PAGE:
The Gift of GIFs


It’s evident communication has changed throughout history. Starting from pictures in caves to oral words to non-verbal signals and even a full on language with just hands. The internet made the world smaller allowing people from all over to communicate with each other instantly. Yet, none of that compares to the greatest form of communication, Graphics Interchange Format, GIF for short.

Pronounced with a hard G, GIFs have revolutionized communication by combining pop culture, psychology and humor AND placing it into the hands of the masses. For those that don’t know what GIFs are, how’s it living under a rock?

Seconds-long moving pictures of a recorded media can communicate better than any word or words in the dictionary with more accuracy in expressing the vast spectrum of human emotion. Such communication is one of the closest things the human species has that’s so far advanced it’s almost alien. Finding the perfect GIF as a response can help release endorphins into your system making you feel happy, therefore the usage of GIFs in everyday digital communication should be encouraged.

Finding GIFs online can be fun. It can also be a little frustrating, like having a specific word at the tip of your tongue and not being able to figure it out. Fandoms use GIFs from their favorite TV shows or films; sometimes celebrities in candid interviews give us the exact facial expressions we need others to see to understand what we mean.


Open your internet browser and go to a search engine website. I use Google because they own the internet. Search a word or phrase, choose Images and then click the GIF option for filtering results.

Enjoy scrolling through the moving pictures. Save the GIF that best accurately illustrates your response and then send it.

I like to create a an album in my photos app that is full of only GIFs so that i’m not frantically scrolling through my entire photo collection.

There’s more fun where that came from.

Making your own GIFs is also a possibility. GIFs were usually made by tech-savvy folk using a fancy computer program. These were the gatekeepers of what would be made into a GIF and what would stay as a regular video. But those days are long gone.


With the advancement in mobile apps, anyone can now make GIFs of anything they want. As a Twitter user I see all kinds of videos on my timeline and some of them NEED to be a GIF so that I can use later. The app I use is called ImgPlay and it’s the greatest ever.

ImgPlay lets you upload a video you wish to turn into a GIF, save and download to your photos. It includes capabilities of slicing videos if you only want a portion to be GIFed, speed up or slow down playback, loop limitations or infinite, add filters or text, and even save in multiple file sizes! Sometimes I’m bored out of my mind and I’ll hop on and make a few GIFs to share with my friends. They’re never impressed but I enjoy them. Here’s a few I’ve made (left to right): my baby Ophie, a happy dog I saw on a road trip, VR dinosaur, my friend Sadie showing us she’s a ballerina queen, a moment that makes me laugh whenever i’m feeling blue, Mickey’s 90th display in Downtown Disney.


VR/AR Dinosaurs in Education


I went to Walmart the other day looking for a dinosaur coloring book, as co-pilots of road trips do, and was suddenly intrigued by an interesting package design across the isle. As nerdy as it may sound, juxtaposing elements will always pull me to investigate a product on a shelf over others. 

This box was matte black and featured a dinosaur and a child wearing a phone VR set. It’s bringing natural history and modern technology together — in a box that your could purchase at Walmart and take home. Augmented and virtual reality aren’t necessarily new in the perspective of how fast handheld technology is evolving, but it’s still exciting to have this technology so easily accessible. And it was just about $7.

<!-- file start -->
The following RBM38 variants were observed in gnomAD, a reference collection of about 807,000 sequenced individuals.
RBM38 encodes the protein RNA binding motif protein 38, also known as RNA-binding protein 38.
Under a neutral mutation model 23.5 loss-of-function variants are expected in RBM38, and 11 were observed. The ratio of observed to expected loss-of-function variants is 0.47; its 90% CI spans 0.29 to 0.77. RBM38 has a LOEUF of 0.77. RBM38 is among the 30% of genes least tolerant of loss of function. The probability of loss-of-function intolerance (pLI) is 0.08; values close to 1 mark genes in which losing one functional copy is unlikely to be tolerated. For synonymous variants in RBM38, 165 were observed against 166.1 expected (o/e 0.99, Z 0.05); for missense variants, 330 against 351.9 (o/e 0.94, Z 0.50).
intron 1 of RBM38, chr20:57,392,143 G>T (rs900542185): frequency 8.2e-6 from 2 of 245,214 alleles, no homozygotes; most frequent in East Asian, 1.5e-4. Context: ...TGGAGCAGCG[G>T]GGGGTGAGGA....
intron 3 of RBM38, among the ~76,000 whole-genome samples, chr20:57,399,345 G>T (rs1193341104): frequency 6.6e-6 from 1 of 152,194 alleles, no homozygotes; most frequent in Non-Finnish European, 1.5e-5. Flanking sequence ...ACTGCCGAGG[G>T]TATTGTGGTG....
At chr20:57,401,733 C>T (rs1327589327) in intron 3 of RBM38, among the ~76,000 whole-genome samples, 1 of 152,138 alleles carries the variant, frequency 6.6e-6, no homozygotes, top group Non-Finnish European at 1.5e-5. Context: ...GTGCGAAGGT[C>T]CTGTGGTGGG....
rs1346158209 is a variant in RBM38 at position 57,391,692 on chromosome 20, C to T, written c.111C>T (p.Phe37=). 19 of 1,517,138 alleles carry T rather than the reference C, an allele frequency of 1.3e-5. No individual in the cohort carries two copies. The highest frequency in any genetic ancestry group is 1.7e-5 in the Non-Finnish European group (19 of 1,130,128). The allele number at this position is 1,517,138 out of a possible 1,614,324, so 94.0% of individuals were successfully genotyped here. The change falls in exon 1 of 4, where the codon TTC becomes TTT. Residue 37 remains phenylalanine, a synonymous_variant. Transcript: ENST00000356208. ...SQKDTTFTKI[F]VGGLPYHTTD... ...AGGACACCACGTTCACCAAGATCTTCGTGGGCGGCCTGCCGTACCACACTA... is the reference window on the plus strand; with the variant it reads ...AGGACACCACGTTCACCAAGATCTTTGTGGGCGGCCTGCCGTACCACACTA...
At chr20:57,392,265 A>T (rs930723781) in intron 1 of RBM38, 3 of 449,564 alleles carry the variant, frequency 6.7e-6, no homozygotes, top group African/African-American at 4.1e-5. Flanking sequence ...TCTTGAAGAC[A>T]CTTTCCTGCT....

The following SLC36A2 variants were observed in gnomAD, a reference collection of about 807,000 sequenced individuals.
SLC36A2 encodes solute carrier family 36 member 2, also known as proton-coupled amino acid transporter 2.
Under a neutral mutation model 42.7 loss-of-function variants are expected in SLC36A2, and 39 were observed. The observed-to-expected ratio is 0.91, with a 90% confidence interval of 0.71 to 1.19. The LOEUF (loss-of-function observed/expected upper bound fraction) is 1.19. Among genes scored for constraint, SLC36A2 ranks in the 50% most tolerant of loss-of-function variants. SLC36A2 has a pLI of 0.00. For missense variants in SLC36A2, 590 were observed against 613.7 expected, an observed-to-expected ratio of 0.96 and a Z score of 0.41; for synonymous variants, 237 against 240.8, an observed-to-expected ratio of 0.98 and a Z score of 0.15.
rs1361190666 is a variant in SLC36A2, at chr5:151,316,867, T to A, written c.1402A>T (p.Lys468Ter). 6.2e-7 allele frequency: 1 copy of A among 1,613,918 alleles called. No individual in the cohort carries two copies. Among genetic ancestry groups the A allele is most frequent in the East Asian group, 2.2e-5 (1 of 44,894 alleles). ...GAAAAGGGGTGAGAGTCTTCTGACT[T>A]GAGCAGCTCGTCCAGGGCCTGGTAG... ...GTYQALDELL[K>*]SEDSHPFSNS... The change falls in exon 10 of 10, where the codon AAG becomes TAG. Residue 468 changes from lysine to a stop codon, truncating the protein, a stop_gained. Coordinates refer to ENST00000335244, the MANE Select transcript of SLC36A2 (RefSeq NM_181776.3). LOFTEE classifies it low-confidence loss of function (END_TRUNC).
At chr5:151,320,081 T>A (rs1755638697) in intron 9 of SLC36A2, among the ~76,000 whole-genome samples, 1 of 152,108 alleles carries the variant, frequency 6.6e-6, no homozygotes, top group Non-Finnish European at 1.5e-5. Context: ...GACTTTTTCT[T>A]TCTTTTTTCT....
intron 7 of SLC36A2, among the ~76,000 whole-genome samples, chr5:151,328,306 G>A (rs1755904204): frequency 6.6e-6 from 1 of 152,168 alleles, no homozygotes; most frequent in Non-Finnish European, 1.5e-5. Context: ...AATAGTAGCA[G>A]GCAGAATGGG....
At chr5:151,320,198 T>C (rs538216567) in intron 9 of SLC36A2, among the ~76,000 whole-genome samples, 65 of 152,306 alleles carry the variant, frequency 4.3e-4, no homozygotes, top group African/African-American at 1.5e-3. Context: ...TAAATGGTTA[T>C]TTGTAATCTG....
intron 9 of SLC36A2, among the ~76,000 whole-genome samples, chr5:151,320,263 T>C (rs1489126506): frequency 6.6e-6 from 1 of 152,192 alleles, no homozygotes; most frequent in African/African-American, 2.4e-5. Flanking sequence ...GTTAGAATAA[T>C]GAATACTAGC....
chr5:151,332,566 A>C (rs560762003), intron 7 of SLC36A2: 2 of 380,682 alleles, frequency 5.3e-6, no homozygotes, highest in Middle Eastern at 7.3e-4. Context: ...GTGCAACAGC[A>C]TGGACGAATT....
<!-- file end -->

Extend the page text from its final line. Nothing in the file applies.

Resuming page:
So of course I ditched the coloring book and grabbed a clean, sealed box. The contents were a VR headset that your smartphone clips on, a guide pamphlet, a microfiber cleaning cloth and a deck of 20 dinosaur flashcards. These flashcards weren’t cookie-cutter design, either, these were top-notch designs.


The instructions are simple, in fact they’re easy enough that young kids could use it. Actually, the box says “Ages 7+” but I know for a fact even younger kids could operate the app. Basically, after launching the app , point the phone’s camera at any of the dinosaur profile flashcards and a 3D, moving dinosaur will appear standing over the card. A crazy thing to mention is that the flashcard don’t have barcodes on them so it’s very cool to see the phone scanning a regular image.

A few features include seeing the dinosaur move, some dinosaurs could be transformed into skeletal version of themselves and had the ability to capture the photo. Each dinosaur on screen came with a simple “Fun Fact” that could’ve definitely been more fun or cool. I will admit, the graphics aren’t super realistic. Also, I have the iPhone X and their app isn’t calibrated properly since some parts cut off.

This product, which also comes with space and animal-theme flashcards, sold separately, would be so much cooler if it weren’t static. A company could truly make this product educational if they updated the dinosaurs’ information, worked on the UI/UX of the app and released more flashcards with more dinosaurs.

All in all, this educational and entertaining tool is still pretty cool. My adult, designer mind ran with some creative critique but kids might just enjoy it for how it is.

You could download the app for free and try it yourself. Dinosaur 4D+ is the name of the app. And the front of the box included the Triceratops card as a tester so I’m sure I won’t get in trouble for sharing that card. Octagon Studios is the company responsible for this amazing product along with Utopia360.